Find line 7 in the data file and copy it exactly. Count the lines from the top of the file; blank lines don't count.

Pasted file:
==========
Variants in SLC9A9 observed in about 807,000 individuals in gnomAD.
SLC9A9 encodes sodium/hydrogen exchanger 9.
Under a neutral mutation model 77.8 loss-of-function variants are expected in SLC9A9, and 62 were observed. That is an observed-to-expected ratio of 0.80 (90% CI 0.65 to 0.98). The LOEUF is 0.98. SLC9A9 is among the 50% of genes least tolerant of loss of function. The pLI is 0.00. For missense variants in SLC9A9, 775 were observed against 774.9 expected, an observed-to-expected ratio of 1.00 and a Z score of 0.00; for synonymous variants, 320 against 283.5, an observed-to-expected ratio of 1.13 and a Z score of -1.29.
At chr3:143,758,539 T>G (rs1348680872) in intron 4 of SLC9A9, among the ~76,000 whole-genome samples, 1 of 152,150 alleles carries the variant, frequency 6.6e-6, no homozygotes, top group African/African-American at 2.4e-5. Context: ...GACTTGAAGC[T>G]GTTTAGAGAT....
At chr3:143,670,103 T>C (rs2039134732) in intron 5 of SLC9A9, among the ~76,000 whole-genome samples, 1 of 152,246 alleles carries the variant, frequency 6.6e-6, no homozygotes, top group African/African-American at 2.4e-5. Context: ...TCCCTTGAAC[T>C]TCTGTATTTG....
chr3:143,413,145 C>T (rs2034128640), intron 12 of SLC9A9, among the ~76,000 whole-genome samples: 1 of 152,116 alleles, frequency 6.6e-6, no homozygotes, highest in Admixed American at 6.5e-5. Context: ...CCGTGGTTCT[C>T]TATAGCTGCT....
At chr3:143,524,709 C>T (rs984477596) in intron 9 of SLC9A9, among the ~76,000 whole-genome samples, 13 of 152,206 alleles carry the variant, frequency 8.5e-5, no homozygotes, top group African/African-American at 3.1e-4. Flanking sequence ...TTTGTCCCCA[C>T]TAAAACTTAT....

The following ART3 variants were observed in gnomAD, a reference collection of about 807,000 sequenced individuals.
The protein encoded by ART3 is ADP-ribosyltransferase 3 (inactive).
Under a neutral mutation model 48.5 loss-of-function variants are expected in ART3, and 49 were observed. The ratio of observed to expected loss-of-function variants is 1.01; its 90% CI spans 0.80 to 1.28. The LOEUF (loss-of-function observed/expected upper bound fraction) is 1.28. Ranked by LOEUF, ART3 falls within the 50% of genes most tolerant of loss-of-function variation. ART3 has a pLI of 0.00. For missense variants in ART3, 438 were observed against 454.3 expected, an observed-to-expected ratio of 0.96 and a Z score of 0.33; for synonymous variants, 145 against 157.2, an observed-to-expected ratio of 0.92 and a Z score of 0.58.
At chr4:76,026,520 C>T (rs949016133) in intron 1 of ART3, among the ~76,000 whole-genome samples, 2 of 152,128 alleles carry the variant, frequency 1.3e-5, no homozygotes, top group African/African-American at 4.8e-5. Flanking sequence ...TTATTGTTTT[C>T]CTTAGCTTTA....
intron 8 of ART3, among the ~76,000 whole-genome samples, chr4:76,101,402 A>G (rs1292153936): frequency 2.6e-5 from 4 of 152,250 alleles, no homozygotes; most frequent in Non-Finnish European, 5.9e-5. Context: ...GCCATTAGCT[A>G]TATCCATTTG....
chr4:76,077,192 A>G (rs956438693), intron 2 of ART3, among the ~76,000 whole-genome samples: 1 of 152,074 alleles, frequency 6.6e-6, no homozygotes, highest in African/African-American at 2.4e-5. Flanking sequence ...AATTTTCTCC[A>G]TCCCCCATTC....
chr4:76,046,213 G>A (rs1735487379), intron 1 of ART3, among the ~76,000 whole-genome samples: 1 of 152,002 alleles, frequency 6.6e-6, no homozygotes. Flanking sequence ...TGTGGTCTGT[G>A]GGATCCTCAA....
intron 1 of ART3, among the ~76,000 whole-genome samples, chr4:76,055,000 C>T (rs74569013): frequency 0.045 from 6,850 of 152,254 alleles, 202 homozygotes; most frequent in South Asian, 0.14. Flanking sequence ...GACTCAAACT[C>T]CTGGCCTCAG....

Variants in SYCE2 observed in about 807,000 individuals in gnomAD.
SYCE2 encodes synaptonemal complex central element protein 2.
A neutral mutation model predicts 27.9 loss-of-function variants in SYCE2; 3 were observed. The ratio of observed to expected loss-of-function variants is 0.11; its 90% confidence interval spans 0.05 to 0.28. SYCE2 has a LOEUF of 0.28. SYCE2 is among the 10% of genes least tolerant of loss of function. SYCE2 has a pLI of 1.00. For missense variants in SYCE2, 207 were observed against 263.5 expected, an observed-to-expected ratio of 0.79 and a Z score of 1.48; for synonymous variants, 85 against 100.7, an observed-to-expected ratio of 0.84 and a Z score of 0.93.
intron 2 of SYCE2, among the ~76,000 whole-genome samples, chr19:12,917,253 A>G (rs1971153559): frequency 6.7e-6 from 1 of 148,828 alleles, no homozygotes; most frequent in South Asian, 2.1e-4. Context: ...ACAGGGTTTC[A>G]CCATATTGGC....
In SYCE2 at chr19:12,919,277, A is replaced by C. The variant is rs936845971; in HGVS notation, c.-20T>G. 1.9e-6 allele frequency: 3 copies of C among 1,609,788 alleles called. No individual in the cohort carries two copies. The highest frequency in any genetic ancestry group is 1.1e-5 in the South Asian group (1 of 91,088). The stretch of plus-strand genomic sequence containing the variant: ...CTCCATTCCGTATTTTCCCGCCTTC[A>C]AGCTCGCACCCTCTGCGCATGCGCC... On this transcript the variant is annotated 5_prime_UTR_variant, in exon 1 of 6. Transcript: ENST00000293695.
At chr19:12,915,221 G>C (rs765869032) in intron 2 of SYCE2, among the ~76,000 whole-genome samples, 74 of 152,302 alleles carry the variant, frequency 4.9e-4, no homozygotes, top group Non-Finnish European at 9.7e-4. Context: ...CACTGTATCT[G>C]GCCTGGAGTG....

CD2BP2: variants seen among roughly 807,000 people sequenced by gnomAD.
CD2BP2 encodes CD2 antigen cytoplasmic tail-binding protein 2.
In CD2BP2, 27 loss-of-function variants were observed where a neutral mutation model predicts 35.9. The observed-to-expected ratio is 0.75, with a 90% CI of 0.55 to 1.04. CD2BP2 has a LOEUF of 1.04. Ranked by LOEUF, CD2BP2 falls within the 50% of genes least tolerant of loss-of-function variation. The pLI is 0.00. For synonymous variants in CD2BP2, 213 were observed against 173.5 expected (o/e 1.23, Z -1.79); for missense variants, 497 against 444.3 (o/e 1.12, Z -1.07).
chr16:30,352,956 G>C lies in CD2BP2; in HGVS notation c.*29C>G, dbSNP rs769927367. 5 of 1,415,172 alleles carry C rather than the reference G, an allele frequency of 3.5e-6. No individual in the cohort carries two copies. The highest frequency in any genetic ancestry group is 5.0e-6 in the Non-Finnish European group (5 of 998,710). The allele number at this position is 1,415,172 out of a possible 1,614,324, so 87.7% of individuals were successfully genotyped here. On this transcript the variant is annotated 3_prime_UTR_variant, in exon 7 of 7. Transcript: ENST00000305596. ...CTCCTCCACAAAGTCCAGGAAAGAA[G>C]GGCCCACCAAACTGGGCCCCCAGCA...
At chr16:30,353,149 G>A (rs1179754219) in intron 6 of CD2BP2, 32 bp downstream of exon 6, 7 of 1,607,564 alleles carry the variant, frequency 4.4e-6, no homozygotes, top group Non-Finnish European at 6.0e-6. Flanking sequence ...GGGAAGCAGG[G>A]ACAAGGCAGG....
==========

At chr3:143,524,709 C>T (rs984477596) in intron 9 of SLC9A9, among the ~76,000 whole-genome samples, 13 of 152,206 alleles carry the variant, frequency 8.5e-5, no homozygotes, top group African/African-American at 3.1e-4. Flanking sequence ...TTTGTCCCCA[C>T]TAAAACTTAT....